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Does income taxation affect partners’ household chores?

We study the impact of income taxation on both partners’ allocation of time to market work and unpaid house work in households with two adults. We estimate a structural household utility model in which the marginal utilities of leisure and house work of both partners are modelled as random coefficients, depending on observed and unobserved characteristics of the household and the two partners. We use a discrete choice model with choice sets of 2,401 points for each couple, distinguishing seven market work intervals and seven house work intervals for each partner. The model is estimated using data for France, which taxes incomes of married couples jointly, like, for instance, Germany and the US. We find that both partners’ market and non-market time allocation decisions are responsive to changes in the tax system or other policy changes that change the financial incentives. Women’s time allocation is more responsive to the own and the partner’s wage rate than men’s. Tax policy simulations suggest that moving from joint taxation for married couples to separate taxation of each spouse would go a small step in the direction of equalizing market and non-market work of spouses. Selective taxation with smaller tax rates for women than for men would magnify these effects.

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Paper provided by Observatoire Francais des Conjonctures Economiques (OFCE) in its series Documents de Travail de l'OFCE with number 2010-12.

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Date of creation: Jun 2010
Date of revision:
Handle: RePEc:fce:doctra:1012
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  1. Frederic VERMEULEN, 2000. "Collective Household Models: Principles and Main Results," Center for Economic Studies - Discussion papers ces0028, Katholieke Universiteit Leuven, Centrum voor Economische Studiën.
  2. Sandmo, Agnar, 1990. "Tax Distortions and Household Production," Oxford Economic Papers, Oxford University Press, vol. 42(1), pages 78-90, January.
  3. Kenneth Train, 2003. "Discrete Choice Methods with Simulation," Online economics textbooks, SUNY-Oswego, Department of Economics, number emetr2.
  4. Flipo, Anne & Fougere, Denis & Olier, Lucile, 2007. "Is the household demand for in-home services sensitive to tax reductions? The French case," Journal of Public Economics, Elsevier, vol. 91(1-2), pages 365-385, February.
  5. Apps, Patricia & Rees, Ray, 1999. "On the taxation of trade within and between households," Journal of Public Economics, Elsevier, vol. 73(2), pages 241-263, August.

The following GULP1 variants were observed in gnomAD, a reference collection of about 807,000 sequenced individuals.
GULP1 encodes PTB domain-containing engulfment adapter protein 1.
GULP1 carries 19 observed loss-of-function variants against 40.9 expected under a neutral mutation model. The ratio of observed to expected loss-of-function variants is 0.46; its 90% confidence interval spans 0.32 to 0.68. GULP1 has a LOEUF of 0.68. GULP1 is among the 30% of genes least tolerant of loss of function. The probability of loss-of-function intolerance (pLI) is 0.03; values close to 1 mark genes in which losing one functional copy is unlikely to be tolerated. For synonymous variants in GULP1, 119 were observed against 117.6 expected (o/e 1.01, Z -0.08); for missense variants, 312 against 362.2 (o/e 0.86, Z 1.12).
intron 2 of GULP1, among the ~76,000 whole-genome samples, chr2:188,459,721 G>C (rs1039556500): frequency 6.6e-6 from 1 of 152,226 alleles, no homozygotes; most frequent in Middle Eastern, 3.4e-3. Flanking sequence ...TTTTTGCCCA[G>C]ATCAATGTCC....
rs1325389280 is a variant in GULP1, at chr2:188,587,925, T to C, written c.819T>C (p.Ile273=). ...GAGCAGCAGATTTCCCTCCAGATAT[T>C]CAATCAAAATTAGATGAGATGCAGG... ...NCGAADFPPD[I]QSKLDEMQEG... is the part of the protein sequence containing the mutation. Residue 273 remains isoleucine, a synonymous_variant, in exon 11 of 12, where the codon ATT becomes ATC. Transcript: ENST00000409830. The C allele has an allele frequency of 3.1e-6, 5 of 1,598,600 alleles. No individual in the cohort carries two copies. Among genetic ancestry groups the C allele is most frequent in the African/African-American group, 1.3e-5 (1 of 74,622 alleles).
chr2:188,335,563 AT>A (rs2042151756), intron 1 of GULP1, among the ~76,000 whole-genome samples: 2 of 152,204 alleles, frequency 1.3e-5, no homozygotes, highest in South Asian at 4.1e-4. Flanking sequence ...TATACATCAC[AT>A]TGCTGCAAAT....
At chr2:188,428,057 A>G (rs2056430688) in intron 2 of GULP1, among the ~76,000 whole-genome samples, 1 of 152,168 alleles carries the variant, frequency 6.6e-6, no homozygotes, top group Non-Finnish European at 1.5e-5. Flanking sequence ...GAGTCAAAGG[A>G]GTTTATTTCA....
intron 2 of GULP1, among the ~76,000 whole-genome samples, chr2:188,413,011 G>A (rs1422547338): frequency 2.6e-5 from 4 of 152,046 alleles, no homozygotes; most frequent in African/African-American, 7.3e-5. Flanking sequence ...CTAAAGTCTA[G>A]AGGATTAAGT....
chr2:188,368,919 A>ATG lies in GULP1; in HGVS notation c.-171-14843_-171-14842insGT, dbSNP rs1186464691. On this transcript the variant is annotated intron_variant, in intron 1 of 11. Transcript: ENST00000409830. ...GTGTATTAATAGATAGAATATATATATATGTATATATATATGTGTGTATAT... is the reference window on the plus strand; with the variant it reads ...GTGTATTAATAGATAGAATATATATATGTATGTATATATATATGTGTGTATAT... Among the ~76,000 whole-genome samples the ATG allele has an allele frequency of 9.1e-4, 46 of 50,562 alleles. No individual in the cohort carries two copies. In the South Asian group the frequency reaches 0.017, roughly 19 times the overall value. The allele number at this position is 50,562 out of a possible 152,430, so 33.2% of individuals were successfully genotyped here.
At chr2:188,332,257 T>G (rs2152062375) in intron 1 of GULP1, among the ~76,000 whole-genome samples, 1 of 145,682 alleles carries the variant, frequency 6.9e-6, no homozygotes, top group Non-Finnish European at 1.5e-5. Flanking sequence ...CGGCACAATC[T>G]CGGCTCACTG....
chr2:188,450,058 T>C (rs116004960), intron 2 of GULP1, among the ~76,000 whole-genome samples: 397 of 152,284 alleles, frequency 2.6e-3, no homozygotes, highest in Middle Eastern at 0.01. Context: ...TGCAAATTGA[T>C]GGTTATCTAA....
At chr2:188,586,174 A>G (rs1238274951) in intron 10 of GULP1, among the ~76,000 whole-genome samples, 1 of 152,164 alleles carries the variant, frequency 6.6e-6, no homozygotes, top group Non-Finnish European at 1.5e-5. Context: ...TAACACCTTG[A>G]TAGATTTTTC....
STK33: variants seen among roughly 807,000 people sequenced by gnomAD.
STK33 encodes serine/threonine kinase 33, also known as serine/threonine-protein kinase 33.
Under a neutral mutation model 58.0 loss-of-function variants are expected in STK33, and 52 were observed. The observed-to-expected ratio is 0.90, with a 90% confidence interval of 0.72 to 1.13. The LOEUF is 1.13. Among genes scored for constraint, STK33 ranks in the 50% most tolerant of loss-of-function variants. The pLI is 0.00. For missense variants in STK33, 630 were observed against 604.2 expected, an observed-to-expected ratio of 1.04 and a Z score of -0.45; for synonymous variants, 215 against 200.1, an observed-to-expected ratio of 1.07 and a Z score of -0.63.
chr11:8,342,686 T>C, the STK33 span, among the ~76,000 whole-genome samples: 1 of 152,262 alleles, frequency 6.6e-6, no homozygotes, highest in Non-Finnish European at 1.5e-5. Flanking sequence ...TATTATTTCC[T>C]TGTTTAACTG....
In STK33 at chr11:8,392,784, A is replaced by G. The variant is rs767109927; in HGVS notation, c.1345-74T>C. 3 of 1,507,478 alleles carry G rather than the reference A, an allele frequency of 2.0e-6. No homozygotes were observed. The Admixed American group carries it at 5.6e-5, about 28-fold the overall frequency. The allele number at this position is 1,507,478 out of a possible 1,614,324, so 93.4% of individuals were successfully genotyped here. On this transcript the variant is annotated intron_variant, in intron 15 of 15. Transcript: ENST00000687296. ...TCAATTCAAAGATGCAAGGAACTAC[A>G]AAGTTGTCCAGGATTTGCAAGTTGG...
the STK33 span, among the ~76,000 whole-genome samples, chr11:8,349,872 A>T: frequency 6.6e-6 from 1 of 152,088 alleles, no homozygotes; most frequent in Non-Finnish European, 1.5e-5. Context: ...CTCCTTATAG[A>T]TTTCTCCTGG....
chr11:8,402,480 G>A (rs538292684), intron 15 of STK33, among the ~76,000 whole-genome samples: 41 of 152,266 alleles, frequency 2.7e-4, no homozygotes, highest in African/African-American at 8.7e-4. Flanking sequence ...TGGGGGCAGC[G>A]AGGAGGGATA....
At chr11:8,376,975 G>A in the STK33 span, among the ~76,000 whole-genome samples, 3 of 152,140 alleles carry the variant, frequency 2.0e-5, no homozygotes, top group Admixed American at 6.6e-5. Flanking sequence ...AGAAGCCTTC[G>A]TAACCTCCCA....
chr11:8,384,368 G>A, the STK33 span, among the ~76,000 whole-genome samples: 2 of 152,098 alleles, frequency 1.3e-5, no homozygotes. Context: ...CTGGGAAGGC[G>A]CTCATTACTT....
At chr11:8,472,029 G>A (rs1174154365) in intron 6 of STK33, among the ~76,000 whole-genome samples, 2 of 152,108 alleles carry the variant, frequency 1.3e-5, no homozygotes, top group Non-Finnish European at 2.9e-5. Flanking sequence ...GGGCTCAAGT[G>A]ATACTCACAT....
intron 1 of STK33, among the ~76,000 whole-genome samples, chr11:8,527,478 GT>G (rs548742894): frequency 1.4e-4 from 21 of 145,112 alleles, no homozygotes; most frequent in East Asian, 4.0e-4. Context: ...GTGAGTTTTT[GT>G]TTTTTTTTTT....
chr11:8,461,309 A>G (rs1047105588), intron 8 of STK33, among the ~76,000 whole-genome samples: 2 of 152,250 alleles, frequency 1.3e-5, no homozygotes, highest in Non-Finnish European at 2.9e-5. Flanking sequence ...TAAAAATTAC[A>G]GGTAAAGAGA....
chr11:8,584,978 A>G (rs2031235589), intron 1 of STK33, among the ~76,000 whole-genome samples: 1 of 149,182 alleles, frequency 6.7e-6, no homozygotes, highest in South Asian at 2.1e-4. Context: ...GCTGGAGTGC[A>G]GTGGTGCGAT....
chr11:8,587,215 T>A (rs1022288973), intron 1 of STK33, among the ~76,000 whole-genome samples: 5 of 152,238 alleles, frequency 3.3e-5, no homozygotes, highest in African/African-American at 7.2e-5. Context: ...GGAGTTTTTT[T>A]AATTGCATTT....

6. Richard Blundell & Ian Walker, 1986. "A Life-Cycle Consistent Empirical Model of Family Labour Supply Using Cross-Section Data," Review of Economic Studies, Oxford University Press, vol. 53(4), pages 539-558.
  7. Gelber, Alexander M. & Mitchell, Joshua W., 2009. "Taxes and Time Allocation: Evidence from Single Women," MPRA Paper 19148, University Library of Munich, Germany.
  8. Rees, Ray, 1988. "Taxation and the Household," Munich Reprints in Economics 3411, University of Munich, Department of Economics.
  9. Hans Bloemen & Elena Stancanelli, 2008. "How Do Parents Allocate Time? The Effects of Wages and Income," Sciences Po publications 3679, Sciences Po.
  10. van Soest, A.H.O. & Das, J.W.M. & Gong, X., 2001. "A Structural Labour Supply Model with Flexible Preferences," Other publications TiSEM 07a46b83-f128-4ea5-8498-9, Tilburg University, School of Economics and Management.
  11. Boskin, Michael J., 1975. "Efficiency aspects of the differential tax treatment of market and household economic activity," Journal of Public Economics, Elsevier, vol. 4(1), pages 1-25, February.
  12. Viktor Steiner & Katharina Wrohlich, 2004. "Household Taxation, Income Splitting and Labor Supply Incentives: A Microsimulation Study for Germany," Discussion Papers of DIW Berlin 421, DIW Berlin, German Institute for Economic Research.
  13. Hans G. Bloemen & Elena G. F. Stancanelli, 2008. "How do spouses allocate time : the effects of wages and income," THEMA Working Papers 2008-40, THEMA (THéorie Economique, Modélisation et Applications), Université de Cergy-Pontoise.
  14. Blomquist, N. Soren, 1993. "Interdependent behavior and the effect of taxes," Journal of Public Economics, Elsevier, vol. 51(2), pages 211-218, June.
  15. Richard Rogerson, 2009. "Market Work, Home Work, and Taxes: A Cross-Country Analysis," Review of International Economics, Wiley Blackwell, vol. 17(3), pages 588-601, 08.
  16. Apps, Patricia F. & Rees, Ray, 1988. "Taxation and the household," Journal of Public Economics, Elsevier, vol. 35(3), pages 355-369, April.
  17. Blomquist, Soren, 1996. "Estimation methods for male labor supply functions How to take account of nonlinear taxes," Journal of Econometrics, Elsevier, vol. 70(2), pages 383-405, February.
  18. Arthur van Soest, 1995. "Structural Models of Family Labor Supply: A Discrete Choice Approach," Journal of Human Resources, University of Wisconsin Press, vol. 30(1), pages 63-88.
  19. François Bourguignon & Thierry Magnac, 1990. "Labor Supply and Taxation in France," Journal of Human Resources, University of Wisconsin Press, vol. 25(3), pages 358-389.
  20. Apps, Patricia, 1982. "Institutional inequality and tax incidence," Journal of Public Economics, Elsevier, vol. 18(2), pages 217-242, July.
  21. Leuthold, Jane H., 1983. "Home production and the tax system," Journal of Economic Psychology, Elsevier, vol. 3(2), pages 145-157, June.
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